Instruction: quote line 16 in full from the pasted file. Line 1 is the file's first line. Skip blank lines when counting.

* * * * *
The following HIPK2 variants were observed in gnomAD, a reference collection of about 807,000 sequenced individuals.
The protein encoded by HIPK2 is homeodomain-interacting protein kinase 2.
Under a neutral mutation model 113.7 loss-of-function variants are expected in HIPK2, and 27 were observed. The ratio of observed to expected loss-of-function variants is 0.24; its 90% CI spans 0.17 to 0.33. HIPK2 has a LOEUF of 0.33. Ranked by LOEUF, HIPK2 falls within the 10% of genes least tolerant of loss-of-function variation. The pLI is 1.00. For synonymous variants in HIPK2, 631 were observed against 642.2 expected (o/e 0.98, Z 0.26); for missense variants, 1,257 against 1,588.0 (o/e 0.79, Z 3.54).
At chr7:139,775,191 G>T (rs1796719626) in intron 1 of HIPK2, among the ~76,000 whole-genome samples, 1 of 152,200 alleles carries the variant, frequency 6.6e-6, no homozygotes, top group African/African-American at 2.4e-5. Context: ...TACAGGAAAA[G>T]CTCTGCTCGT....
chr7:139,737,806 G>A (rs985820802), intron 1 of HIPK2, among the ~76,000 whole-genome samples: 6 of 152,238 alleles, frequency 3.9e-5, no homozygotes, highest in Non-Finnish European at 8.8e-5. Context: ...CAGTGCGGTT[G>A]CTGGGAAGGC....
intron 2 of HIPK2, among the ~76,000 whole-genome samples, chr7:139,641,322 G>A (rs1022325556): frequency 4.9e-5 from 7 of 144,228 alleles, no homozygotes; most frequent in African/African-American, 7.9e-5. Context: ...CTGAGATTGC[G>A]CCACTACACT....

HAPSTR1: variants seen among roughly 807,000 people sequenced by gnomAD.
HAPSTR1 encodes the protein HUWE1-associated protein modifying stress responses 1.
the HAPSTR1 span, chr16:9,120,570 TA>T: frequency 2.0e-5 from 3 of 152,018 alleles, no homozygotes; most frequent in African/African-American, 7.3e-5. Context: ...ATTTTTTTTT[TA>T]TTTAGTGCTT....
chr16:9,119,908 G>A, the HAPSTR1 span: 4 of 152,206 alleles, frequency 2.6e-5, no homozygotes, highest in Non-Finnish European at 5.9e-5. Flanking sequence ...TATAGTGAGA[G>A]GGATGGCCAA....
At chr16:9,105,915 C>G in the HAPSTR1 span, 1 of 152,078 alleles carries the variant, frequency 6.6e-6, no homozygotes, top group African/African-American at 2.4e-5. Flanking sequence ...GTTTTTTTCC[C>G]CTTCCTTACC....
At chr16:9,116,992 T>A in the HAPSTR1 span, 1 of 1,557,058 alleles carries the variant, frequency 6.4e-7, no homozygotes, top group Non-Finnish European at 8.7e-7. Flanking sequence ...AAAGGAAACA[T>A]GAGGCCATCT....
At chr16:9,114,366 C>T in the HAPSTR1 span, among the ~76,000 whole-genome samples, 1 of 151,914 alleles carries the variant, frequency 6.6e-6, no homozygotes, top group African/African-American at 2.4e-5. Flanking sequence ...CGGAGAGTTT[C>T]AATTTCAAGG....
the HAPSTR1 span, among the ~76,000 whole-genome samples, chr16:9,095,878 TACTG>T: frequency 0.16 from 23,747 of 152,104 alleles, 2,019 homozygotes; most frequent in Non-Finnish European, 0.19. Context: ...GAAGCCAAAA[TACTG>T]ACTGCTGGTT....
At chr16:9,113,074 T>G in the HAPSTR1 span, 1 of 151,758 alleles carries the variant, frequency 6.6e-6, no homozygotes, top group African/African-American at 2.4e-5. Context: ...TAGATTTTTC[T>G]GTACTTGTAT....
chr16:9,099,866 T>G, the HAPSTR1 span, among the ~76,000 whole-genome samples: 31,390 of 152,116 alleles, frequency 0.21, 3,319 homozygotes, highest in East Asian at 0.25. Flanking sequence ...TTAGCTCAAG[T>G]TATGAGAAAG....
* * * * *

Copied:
chr16:9,099,866 T>G, the HAPSTR1 span, among the ~76,000 whole-genome samples: 31,390 of 152,116 alleles, frequency 0.21, 3,319 homozygotes, highest in East Asian at 0.25. Flanking sequence ...TTAGCTCAAG[T>G]TATGAGAAAG....